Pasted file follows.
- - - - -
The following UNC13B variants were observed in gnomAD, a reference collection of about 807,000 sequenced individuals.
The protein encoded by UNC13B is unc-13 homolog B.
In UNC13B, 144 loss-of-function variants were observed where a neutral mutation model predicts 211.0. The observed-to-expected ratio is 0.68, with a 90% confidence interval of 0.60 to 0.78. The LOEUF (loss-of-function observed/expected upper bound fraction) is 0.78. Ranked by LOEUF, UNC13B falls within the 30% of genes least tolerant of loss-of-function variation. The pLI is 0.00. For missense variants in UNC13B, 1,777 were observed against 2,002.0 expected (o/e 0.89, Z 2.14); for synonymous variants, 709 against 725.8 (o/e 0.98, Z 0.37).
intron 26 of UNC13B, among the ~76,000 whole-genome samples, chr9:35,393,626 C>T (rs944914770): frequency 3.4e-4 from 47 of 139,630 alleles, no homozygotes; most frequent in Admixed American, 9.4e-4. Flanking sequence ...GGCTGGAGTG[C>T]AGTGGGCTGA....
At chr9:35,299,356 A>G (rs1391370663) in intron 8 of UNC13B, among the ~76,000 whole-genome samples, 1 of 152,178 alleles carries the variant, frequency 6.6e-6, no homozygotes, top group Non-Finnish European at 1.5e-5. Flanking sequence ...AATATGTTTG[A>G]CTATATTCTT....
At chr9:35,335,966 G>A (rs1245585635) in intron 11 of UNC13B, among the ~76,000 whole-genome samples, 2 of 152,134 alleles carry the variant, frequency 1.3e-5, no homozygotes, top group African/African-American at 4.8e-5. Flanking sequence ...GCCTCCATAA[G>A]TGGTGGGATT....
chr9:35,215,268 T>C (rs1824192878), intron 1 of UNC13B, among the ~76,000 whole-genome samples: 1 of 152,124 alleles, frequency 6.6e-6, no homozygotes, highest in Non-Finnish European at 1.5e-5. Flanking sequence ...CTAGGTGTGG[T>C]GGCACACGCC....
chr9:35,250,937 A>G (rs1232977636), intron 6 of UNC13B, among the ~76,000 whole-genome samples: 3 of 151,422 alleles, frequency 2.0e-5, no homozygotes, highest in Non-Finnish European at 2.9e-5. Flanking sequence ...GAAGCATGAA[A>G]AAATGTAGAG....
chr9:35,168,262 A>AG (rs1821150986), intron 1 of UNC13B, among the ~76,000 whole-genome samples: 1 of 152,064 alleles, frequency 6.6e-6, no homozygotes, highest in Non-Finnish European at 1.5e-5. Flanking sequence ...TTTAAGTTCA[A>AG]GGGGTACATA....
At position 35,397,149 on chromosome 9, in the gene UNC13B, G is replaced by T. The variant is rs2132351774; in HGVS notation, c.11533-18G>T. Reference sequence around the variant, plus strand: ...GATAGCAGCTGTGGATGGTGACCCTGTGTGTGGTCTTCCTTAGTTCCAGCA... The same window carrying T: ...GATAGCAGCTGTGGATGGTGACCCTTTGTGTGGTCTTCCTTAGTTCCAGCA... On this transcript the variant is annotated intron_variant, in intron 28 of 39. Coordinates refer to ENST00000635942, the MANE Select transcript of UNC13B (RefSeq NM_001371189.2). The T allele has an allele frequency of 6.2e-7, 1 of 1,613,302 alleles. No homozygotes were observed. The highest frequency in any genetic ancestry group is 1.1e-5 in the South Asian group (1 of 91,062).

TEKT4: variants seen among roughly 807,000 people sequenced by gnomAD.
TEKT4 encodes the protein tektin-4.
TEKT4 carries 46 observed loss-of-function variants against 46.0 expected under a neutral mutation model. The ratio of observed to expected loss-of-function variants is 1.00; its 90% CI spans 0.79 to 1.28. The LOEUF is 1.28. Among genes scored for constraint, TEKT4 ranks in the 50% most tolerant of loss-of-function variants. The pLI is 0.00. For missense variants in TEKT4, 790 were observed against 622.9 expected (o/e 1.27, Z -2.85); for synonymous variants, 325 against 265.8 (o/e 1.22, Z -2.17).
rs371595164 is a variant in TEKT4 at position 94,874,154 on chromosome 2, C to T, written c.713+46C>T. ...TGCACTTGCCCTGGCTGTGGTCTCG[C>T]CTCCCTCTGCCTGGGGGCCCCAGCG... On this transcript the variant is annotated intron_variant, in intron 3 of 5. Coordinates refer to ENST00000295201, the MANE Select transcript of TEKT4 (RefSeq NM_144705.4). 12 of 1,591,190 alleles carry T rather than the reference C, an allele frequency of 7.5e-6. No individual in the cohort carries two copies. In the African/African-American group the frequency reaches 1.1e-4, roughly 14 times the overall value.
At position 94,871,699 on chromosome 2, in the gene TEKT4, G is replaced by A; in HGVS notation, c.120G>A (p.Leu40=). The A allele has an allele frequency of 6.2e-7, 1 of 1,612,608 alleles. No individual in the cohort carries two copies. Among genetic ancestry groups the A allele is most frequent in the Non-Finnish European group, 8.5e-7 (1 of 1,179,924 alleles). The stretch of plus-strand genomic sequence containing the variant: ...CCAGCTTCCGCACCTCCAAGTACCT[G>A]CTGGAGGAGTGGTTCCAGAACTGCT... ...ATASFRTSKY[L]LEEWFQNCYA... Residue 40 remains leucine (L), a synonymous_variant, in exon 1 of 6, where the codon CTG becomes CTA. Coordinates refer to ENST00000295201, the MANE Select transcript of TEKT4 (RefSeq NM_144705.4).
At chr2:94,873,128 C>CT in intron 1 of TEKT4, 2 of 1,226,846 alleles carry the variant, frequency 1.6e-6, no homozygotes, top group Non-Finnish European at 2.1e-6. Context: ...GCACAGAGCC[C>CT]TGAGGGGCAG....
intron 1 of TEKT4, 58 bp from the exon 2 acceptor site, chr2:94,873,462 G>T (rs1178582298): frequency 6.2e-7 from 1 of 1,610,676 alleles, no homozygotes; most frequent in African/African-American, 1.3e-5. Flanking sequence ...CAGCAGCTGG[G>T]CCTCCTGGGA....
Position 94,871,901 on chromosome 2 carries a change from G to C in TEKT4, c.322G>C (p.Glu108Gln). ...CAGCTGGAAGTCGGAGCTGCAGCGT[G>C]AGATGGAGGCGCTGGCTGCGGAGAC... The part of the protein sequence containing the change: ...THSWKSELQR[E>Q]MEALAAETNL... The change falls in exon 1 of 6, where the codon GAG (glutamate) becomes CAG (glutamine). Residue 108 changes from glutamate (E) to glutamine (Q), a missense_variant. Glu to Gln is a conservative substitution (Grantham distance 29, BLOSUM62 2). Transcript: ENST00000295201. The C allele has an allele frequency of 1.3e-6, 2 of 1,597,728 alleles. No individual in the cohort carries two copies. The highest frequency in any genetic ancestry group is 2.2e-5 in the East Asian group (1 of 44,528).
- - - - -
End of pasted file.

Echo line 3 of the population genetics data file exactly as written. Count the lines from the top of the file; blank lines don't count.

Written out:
In UNC13B, 144 loss-of-function variants were observed where a neutral mutation model predicts 211.0. The observed-to-expected ratio is 0.68, with a 90% confidence interval of 0.60 to 0.78. The LOEUF (loss-of-function observed/expected upper bound fraction) is 0.78. Ranked by LOEUF, UNC13B falls within the 30% of genes least tolerant of loss-of-function variation. The pLI is 0.00. For missense variants in UNC13B, 1,777 were observed against 2,002.0 expected (o/e 0.89, Z 2.14); for synonymous variants, 709 against 725.8 (o/e 0.98, Z 0.37).